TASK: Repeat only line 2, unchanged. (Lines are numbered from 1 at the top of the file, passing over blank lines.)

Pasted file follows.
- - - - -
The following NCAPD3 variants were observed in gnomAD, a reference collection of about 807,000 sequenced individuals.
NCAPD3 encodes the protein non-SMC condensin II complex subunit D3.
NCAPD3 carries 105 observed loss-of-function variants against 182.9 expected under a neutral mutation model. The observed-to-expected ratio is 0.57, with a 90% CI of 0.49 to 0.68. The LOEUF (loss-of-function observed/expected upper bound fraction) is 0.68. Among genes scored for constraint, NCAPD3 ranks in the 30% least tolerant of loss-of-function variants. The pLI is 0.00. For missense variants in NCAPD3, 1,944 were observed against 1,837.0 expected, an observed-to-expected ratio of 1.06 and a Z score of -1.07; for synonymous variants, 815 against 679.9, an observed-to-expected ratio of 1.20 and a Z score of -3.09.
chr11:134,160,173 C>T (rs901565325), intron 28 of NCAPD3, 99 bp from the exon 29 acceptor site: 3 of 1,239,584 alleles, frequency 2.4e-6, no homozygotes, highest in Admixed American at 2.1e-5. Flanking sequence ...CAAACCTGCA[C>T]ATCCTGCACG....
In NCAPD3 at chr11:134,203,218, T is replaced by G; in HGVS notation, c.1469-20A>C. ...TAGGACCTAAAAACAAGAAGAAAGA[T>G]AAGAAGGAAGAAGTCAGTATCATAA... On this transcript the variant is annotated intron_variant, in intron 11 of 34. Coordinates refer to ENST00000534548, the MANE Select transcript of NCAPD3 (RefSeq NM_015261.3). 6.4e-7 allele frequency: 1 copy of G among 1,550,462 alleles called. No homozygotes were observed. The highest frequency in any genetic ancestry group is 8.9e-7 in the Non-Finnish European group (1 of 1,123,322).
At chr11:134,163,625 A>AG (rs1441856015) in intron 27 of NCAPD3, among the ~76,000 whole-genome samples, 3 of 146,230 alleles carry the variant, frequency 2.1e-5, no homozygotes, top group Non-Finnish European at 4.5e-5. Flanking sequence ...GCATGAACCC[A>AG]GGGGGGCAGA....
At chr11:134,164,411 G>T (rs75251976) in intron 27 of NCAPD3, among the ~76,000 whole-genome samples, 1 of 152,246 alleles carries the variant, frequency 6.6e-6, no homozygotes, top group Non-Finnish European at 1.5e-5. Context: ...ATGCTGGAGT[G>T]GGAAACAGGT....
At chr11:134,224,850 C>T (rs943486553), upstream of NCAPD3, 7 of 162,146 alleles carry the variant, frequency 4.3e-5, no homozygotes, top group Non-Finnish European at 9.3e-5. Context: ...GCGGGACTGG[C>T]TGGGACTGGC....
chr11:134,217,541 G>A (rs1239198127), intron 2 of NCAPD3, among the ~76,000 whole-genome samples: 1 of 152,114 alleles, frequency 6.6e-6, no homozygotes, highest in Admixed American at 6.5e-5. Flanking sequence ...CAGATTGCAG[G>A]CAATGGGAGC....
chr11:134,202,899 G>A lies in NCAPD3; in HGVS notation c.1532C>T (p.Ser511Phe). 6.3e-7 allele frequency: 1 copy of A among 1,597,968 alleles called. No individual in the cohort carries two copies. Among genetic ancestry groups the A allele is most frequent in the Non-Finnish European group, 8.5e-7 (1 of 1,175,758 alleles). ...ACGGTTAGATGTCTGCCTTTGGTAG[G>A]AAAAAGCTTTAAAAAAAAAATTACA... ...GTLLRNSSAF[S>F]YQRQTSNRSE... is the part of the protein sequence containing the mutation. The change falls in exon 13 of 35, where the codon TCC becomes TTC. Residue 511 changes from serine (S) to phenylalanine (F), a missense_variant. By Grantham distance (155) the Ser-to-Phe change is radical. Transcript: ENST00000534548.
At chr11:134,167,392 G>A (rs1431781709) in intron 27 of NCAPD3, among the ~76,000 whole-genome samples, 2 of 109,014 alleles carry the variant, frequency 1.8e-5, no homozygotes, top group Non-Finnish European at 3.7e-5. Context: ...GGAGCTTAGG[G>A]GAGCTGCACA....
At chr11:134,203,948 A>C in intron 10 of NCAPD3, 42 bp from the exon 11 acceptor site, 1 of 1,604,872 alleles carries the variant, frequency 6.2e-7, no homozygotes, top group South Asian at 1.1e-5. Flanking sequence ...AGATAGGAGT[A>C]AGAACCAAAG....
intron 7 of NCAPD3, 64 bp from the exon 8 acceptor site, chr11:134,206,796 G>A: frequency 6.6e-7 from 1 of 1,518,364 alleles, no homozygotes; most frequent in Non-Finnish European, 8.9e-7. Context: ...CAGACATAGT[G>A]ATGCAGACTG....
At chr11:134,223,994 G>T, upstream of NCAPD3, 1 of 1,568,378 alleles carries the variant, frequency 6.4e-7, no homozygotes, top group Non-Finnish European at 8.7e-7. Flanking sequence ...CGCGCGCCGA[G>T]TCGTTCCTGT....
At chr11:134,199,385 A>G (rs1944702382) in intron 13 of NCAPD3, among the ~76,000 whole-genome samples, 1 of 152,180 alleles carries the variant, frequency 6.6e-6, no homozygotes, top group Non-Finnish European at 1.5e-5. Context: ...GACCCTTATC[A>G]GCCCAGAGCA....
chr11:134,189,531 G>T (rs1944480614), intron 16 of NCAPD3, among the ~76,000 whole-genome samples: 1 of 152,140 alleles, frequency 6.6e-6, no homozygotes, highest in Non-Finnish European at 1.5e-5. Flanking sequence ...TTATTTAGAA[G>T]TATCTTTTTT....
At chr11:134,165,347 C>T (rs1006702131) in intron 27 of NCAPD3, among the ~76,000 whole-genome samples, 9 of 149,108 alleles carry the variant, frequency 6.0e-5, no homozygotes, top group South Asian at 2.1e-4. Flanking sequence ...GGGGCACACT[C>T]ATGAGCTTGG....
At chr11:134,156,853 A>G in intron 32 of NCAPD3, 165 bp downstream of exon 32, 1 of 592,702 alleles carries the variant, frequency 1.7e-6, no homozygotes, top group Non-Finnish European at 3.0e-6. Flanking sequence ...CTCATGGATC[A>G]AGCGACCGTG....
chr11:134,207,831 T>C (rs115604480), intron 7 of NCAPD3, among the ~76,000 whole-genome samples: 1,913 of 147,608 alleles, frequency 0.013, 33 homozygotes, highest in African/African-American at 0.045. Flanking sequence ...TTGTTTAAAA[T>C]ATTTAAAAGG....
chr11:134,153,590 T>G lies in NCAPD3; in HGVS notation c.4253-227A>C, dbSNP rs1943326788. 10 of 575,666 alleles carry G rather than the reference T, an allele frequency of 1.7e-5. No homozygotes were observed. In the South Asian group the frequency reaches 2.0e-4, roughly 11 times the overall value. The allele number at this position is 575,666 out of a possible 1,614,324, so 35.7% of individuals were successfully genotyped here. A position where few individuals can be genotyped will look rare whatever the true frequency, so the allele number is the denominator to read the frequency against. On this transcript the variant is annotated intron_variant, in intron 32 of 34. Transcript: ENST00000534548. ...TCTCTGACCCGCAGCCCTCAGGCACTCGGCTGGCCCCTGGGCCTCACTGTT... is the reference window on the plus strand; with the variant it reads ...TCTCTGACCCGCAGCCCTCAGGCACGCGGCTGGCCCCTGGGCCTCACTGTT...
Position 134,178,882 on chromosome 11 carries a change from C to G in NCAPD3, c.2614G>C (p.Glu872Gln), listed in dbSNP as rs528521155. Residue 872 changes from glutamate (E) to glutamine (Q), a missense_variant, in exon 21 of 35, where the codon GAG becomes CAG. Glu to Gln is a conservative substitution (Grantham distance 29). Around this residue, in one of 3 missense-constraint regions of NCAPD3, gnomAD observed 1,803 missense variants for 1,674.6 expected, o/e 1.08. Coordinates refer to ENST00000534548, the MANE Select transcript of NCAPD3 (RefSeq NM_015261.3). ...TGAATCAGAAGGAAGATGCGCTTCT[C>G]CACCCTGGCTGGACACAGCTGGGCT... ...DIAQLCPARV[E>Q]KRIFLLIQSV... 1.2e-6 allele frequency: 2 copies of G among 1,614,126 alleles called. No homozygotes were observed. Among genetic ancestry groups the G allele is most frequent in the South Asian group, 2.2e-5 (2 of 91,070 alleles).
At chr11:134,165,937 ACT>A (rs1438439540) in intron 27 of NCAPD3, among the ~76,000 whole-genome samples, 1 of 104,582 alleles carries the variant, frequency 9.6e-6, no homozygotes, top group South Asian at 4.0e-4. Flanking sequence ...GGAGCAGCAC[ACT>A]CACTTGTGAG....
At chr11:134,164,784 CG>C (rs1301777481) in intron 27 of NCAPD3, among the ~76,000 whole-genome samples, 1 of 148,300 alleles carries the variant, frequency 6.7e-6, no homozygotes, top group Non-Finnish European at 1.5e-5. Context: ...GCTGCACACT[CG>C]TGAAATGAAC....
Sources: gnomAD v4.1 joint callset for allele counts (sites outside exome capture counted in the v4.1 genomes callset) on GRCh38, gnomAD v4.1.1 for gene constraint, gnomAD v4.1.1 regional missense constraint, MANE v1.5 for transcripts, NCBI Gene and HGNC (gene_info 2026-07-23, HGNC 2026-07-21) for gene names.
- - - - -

NCAPD3 encodes the protein non-SMC condensin II complex subunit D3.